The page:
Huck is in a hole, Hollis is in the crosshairs, and Harrison is a gladiator in a suit ““ this is how you resume a show after a holiday break! – Scandal Recap: Letters, Ligature Marks, and Liars [New York Magazine]

THE DISHY D.C. political melodrama “Scandal” is back and this week’s episode was a guilty pleasure filled to the brim, even if some of the scenes were enough to make you choke along with Huck. “Scandal” was up 17% this week from its last show before Christmas.

Olivia Pope, played by Kerry Washington, who is one of the strongest, most powerful female characters ever created for television, is just one reason why. That she’s in love with a married man who happens to be the president is a mere inconvenience. After all, he loves her, too. Their dialogue has finally gotten to the stage of salty sparring this season, complete with references to Sally Hemmings and Thomas Jefferson, just in case you thought Ms. Pope wasn’t aware that loving the man she does isn’t a bit ludicrous for a woman of her magnitude.

The heart wants what the heart wants and doesn’t much care for propriety, let alone sanity, and the characters in “Scandal” aren’t exactly known for discipline. You also won’t find any Aaron Sorkin platitudes here. “Scandal” is the anti Sorkin TV drama.

Nobody is talking about the very graphic torture scenes the former C.I.A. operative Huck was put through on the air last night. The torture was a result of the attempted assassination of Pres. Grant, because Huck was believed to have orchestrated it. New York Magazine has all the details.

During the torture and intense beating of Huck, while he was being waterboarded, the conversation outside the room went like this…

U.S. ATTORNEY DAVID ROSEN: “…It really doesn’t [look like he can] take much more of the waterboarding–the interrogating. And I’m wondering maybe if we might want do a little less interrogating and maybe start thinking about his civil rights. I’m a U.S. attorney, gentlemen. I represent the United States of America. The United States of America is in this room with you. So you need to watch how you treat the prisoner on American soil.

PENTAGON SPOKESMAN: “I represent the C.I.A., the Department of Homeland Security, the Patriot Act and all the men and women who ever fought and died for your right to stand in this room with your glasses and your briefcase and spout your crap. We’re not on American soil. This is not America. This is the Pentagon and that is an enemy combatant. Son, I represent the United States, you understand? The United States of America’s in the room with you. You’re a guest here. Shut your mouth.”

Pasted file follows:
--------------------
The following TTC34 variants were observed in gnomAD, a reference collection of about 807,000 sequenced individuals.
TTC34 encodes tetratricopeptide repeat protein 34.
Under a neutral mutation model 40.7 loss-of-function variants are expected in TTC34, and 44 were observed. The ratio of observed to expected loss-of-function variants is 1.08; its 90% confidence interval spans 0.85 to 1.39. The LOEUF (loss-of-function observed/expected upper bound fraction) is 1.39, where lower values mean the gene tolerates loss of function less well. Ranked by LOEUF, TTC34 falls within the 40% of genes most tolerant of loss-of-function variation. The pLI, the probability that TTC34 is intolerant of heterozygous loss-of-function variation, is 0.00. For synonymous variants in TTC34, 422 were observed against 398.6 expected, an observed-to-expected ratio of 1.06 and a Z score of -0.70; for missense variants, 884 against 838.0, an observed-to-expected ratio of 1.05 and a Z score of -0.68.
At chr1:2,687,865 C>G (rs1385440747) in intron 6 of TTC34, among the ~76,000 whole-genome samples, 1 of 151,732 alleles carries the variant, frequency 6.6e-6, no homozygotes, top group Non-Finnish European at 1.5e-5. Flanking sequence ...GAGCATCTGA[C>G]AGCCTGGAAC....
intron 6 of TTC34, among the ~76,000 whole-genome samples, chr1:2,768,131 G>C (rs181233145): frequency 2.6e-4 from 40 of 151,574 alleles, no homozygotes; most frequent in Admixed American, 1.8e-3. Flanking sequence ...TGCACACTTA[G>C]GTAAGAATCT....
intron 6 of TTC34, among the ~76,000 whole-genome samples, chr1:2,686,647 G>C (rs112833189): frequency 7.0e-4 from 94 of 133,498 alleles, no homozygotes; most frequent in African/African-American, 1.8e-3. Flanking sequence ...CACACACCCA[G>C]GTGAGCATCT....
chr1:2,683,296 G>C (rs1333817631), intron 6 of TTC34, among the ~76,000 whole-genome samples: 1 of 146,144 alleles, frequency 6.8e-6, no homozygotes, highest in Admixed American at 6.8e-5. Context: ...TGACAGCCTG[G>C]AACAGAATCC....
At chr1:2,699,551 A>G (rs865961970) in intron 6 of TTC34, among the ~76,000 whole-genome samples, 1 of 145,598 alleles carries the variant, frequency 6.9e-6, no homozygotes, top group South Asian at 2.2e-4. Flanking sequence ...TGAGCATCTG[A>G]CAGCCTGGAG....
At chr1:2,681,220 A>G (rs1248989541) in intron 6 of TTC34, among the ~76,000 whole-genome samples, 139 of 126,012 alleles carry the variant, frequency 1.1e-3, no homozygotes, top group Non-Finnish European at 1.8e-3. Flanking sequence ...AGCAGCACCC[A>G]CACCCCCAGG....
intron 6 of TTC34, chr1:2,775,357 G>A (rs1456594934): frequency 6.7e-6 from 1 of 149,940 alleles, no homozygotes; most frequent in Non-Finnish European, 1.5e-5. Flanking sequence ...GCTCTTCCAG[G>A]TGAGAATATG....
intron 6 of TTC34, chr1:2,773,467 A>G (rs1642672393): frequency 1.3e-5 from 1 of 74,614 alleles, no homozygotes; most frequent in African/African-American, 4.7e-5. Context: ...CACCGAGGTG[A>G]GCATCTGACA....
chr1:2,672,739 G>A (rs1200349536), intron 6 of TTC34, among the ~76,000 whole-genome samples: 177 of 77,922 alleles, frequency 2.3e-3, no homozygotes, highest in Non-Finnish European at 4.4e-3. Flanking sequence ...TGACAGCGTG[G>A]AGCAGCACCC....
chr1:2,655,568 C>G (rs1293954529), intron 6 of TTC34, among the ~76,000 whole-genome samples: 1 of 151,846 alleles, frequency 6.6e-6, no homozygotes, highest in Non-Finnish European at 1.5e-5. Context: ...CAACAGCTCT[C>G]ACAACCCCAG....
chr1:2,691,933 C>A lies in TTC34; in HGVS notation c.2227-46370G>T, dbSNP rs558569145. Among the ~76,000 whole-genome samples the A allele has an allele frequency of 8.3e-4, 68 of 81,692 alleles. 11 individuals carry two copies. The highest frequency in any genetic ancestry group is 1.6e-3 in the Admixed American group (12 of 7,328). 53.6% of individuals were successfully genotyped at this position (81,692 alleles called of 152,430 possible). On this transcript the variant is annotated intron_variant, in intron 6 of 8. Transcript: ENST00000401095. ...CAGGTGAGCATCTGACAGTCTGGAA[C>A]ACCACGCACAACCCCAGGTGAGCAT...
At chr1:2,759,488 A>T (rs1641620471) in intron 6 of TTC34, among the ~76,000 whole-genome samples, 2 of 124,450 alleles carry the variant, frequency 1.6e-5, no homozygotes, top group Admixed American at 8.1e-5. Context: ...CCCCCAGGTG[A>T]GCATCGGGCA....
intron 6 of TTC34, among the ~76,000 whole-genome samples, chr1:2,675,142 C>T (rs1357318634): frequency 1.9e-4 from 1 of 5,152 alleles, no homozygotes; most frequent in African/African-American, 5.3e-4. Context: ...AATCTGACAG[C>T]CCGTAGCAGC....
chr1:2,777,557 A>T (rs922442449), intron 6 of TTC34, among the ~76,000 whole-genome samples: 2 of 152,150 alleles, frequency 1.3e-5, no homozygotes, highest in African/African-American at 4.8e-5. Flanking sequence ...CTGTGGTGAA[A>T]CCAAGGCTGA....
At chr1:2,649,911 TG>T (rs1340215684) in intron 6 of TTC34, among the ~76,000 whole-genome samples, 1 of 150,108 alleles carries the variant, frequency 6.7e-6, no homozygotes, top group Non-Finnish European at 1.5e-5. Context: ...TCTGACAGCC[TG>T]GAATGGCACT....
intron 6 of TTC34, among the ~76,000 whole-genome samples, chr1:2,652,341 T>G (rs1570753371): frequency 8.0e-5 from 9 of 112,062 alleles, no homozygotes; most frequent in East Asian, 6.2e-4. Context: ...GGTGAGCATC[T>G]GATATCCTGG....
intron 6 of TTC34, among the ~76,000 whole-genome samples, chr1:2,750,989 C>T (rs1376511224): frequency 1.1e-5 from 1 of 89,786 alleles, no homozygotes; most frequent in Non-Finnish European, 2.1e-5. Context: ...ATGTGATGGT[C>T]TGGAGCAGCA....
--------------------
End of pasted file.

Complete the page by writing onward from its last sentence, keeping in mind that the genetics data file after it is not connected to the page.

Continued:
Now, you can obviously argue about the caricature the conversation depicts, the stereotypical language, as well as wonder about the actual feasibility of the scene taking place as and where it does. But this is network TV that doesn’t shirk from showing the ugliest Americans. The graphic torture scenes depicted on a primetime ABC show like “Scandal” come as “Zero Dark Thirty” is released in wider distribution this weekend.

TV and the cultural response to reality is finally colliding to become an important magnifying glass on who we have been as a country in our most gravest hour and its aftermath. The verdict is ugly. That it took so long for America’s torture policy to make it into widely watched dramatic and critical relief is unsurprising since our politicians didn’t even want to deal with it when it was happening, with neither political party, Congress or President Obama interested in holding the previous Administration accountable for their policies.

Showtime’s “Homeland” has been hailed, because it is a groundbreaking cable drama about subjects our political commentators, political parties and politicians can only talk about on ideological terms, because political self-examination is not in their collective best interests.

Examining our behavior by looking at it through dramatic affect is what culture is all about and why what we see on TV, yes, that much maligned medium, TV, and in film, theater and through music, is so important.

As far as guilty pleasures go, “Scandal” delivers, and this past episode more so than usual, because it offered a glimpse in primetime of the U.S. sadist, melded with political treachery and treason. The marketing of American purity and might equals right blown to smithereens.

How they’ll deal with general election voter fraud should be a doozy.